Sponsored by Crooks Corner
Foye made the first to make it a three-point game and Will Sheridan rebounded his missed second attempt. Villanova coach Jay Wright then used his final timeout to set up a potential game-tying play with :09 showing on the clock.
What happened next will be disputed among Villanova and Carolina fans for many years to come. After the Wildcats inbounded the ball, guard Allan Ray drove the lane and banked in a runner as the whistle blew. But just as it looked though he might have been fouled by McCants and would get a chance to tie the score at the free throw line, the referee signalled Ray had traveled.
"On the play, (CBS commentator) Bill Raftery told me that (Ray) clearly did walk," Roy Williams said.
"I knew I didn't foul him," added McCants. "I felt like when he drove he wasn't expecting anybody to be there. So I just wanted to make a defensive rotation, without a foul, and just make him be as surprised as possible."
However, Wright and Ray saw things differently.
"I didn't think he traveled but it doesn't matter," Wright said. "There were probably other calls during the game where we got a break."
Still, even after McCants' free throw, Villanova quickly got a three from Kyle Lowry. No problem, there were only two seconds left and all Sean May had to do was get the ball inbounds, right? But on his first attempt, he threw an errant pass into Marvin Williams which was nearly intercepted by Ray right under the Wildcats' basket.
"I was reading Sean May's eyes while he was taking the ball out," Ray said. "It was almost down to like four seconds on the five-count, and he lobbed up the pass in the end, and I kind of anticipated but I didn't really get any hands on it."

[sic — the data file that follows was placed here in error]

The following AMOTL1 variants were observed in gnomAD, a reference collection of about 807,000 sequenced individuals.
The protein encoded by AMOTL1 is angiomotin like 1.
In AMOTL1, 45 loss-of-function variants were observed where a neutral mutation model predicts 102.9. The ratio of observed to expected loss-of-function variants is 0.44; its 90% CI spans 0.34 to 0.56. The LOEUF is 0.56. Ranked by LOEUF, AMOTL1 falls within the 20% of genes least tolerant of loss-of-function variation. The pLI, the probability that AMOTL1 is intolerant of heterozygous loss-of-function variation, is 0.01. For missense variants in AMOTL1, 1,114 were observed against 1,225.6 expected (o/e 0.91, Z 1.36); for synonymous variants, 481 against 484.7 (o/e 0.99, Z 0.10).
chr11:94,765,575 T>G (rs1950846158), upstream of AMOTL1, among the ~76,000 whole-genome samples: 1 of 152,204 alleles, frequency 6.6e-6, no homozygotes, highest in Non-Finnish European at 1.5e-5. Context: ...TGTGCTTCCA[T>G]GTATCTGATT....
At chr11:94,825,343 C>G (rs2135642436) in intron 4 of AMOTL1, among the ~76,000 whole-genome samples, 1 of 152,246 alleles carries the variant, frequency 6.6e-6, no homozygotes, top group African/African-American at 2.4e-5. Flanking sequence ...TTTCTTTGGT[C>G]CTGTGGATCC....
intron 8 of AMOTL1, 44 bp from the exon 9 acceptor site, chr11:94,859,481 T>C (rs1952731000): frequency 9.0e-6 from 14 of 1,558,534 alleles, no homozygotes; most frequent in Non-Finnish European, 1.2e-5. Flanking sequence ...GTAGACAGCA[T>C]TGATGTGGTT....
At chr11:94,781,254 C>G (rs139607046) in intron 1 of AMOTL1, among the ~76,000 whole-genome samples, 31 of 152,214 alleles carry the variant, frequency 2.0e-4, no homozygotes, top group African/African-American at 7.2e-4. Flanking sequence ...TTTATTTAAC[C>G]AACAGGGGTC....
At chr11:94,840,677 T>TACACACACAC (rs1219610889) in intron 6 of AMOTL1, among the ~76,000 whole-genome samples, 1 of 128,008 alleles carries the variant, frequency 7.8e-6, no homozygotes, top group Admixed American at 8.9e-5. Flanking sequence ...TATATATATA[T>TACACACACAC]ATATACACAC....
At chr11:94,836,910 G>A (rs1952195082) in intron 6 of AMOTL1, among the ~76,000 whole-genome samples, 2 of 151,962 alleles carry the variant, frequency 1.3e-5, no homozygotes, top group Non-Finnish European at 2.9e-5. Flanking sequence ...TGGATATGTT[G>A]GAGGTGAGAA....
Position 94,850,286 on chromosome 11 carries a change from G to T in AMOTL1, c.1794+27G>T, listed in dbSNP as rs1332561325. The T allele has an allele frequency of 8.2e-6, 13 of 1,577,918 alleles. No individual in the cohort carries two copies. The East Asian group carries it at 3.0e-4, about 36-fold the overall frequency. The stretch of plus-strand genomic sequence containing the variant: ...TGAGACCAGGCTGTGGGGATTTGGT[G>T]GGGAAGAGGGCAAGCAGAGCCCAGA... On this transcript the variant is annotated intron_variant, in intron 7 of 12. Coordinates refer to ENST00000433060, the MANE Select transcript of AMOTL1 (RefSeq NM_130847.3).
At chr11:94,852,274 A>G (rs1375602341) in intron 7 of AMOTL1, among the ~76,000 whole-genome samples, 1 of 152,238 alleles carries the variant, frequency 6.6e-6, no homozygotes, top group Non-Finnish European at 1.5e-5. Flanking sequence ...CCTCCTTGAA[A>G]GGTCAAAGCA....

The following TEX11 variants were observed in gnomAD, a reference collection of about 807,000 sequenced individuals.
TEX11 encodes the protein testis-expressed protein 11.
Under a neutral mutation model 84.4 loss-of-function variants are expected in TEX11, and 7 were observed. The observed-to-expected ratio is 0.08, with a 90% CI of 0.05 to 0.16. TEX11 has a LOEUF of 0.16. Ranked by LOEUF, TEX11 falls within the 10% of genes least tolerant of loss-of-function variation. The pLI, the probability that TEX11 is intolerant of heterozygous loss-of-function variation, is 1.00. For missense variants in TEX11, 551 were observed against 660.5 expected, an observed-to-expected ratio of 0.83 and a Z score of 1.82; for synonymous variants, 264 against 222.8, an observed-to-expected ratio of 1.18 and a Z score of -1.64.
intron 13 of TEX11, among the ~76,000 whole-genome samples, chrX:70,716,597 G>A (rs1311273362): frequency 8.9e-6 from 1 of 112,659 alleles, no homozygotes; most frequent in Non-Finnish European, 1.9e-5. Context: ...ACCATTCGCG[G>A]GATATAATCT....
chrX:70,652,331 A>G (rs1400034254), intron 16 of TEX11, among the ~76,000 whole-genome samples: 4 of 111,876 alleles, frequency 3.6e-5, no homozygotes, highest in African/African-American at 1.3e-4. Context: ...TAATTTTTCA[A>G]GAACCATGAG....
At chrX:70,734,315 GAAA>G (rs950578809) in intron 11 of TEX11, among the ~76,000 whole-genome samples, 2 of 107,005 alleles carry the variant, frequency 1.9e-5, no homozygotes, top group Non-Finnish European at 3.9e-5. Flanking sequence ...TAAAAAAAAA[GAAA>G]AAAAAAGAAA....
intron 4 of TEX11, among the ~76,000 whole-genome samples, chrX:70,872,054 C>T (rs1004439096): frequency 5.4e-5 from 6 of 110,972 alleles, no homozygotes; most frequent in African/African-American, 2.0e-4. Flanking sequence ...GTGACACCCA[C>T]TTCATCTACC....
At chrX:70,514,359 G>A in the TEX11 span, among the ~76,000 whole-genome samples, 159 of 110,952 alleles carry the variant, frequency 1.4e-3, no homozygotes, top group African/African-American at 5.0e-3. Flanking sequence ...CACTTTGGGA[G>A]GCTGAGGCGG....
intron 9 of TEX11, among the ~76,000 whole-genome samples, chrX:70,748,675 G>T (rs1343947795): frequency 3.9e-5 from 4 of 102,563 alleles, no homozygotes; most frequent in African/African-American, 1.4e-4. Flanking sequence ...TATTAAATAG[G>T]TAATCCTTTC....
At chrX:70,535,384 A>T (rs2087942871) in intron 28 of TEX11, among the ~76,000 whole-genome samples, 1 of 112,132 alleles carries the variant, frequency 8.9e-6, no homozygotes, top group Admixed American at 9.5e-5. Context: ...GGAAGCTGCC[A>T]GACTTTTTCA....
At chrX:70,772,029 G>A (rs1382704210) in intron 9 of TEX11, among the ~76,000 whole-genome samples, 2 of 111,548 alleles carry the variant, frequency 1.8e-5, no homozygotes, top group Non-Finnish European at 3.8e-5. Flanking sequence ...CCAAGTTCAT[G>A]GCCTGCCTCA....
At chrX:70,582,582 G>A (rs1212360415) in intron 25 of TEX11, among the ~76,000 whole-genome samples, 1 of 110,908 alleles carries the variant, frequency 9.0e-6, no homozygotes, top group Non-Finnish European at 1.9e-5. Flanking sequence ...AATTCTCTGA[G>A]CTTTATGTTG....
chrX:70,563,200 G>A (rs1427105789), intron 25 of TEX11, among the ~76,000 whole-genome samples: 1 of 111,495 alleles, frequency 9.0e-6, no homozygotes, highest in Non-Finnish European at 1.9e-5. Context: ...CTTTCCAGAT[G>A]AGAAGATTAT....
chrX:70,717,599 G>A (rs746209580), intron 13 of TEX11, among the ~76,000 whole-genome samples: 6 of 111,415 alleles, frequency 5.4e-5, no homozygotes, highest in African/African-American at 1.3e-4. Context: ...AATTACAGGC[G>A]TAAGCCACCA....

No doubt many long-time Tar Heel fans breathed a sigh of relief while flashing back to March 1, 1989, when Georgia Tech's Dennis Scott stole an inbounds pass by Scott Williams and nailed a three-pointer at the buzzer, turning what should have been a sure Carolina win into a 76-74 loss in Atlanta.
But the Tar Heels (30-4), who recorded their seventh all-time 30-win season and first since 1997-98, did survive and escape victorious as bottles and other debris were hurled to playing floor by angry Villanova fans. And thus, UNC carries the sole remaining torch for the ACC into the Syracuse Regional final versus No. 6-seed Wisconsin (25-8), 65-56 winners over N.C. State. Carolina's quest for a record 16th Final Four appearance is scheduled to tip-off Sunday at 2:40 p.m.
The Tar Heels and Badgers have never met on the hardwood.
McCants led four UNC players in double figures. Marvin Williams added 16, converting 6-for-6 from the charity stripe and nailing a huge three-pointer late in the game. Sean May, who can become only the 12th Tar Heel all-time to average a double-double for the season, scored 14 points to go with 10 rebounds. And Felton also recorded an uncharacteristic double-double – at least for him – with 11 points and 11 boards.
Foye paced the Wildcats with a game-high 28 points, including 5-of-12 from three-point range. Lowry also kicked in 18 points in the losing cause.
"I just think this team has great heart," Wright said. "I think our guys really dug down deep and that's something we talk about all the time."